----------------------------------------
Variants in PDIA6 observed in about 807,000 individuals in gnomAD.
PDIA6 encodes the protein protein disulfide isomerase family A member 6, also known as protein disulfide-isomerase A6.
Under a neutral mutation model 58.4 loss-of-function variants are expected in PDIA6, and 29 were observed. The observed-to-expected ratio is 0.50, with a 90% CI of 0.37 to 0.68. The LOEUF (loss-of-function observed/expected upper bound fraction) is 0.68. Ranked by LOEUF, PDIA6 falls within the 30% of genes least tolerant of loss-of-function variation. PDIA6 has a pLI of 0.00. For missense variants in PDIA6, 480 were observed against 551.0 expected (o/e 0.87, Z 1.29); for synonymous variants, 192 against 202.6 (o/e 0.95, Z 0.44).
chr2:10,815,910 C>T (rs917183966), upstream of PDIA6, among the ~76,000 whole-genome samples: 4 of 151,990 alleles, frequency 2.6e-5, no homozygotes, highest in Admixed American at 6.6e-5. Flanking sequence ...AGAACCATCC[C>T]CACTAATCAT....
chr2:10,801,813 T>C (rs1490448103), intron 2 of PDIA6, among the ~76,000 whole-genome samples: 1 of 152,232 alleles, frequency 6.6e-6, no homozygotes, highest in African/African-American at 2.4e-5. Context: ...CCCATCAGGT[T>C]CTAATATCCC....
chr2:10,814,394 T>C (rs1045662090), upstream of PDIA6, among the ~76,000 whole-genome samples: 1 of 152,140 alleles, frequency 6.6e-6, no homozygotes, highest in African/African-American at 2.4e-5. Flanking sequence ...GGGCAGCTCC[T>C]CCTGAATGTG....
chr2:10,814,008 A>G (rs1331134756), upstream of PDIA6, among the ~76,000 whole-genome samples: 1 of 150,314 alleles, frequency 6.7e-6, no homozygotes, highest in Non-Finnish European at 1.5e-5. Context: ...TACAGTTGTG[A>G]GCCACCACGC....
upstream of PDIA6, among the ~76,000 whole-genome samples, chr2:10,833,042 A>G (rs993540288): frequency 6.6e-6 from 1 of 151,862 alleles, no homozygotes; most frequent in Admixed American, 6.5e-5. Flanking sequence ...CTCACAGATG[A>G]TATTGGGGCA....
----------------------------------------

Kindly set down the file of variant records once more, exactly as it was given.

Variants in PDIA6 observed in about 807,000 individuals in gnomAD.
PDIA6 encodes the protein protein disulfide isomerase family A member 6, also known as protein disulfide-isomerase A6.
Under a neutral mutation model 58.4 loss-of-function variants are expected in PDIA6, and 29 were observed. The observed-to-expected ratio is 0.50, with a 90% CI of 0.37 to 0.68. The LOEUF (loss-of-function observed/expected upper bound fraction) is 0.68. Ranked by LOEUF, PDIA6 falls within the 30% of genes least tolerant of loss-of-function variation. PDIA6 has a pLI of 0.00. For missense variants in PDIA6, 480 were observed against 551.0 expected (o/e 0.87, Z 1.29); for synonymous variants, 192 against 202.6 (o/e 0.95, Z 0.44).
chr2:10,815,910 C>T (rs917183966), upstream of PDIA6, among the ~76,000 whole-genome samples: 4 of 151,990 alleles, frequency 2.6e-5, no homozygotes, highest in Admixed American at 6.6e-5. Flanking sequence ...AGAACCATCC[C>T]CACTAATCAT....
chr2:10,801,813 T>C (rs1490448103), intron 2 of PDIA6, among the ~76,000 whole-genome samples: 1 of 152,232 alleles, frequency 6.6e-6, no homozygotes, highest in African/African-American at 2.4e-5. Context: ...CCCATCAGGT[T>C]CTAATATCCC....
chr2:10,814,394 T>C (rs1045662090), upstream of PDIA6, among the ~76,000 whole-genome samples: 1 of 152,140 alleles, frequency 6.6e-6, no homozygotes, highest in African/African-American at 2.4e-5. Flanking sequence ...GGGCAGCTCC[T>C]CCTGAATGTG....
chr2:10,814,008 A>G (rs1331134756), upstream of PDIA6, among the ~76,000 whole-genome samples: 1 of 150,314 alleles, frequency 6.7e-6, no homozygotes, highest in Non-Finnish European at 1.5e-5. Context: ...TACAGTTGTG[A>G]GCCACCACGC....
upstream of PDIA6, among the ~76,000 whole-genome samples, chr2:10,833,042 A>G (rs993540288): frequency 6.6e-6 from 1 of 151,862 alleles, no homozygotes; most frequent in Admixed American, 6.5e-5. Flanking sequence ...CTCACAGATG[A>G]TATTGGGGCA....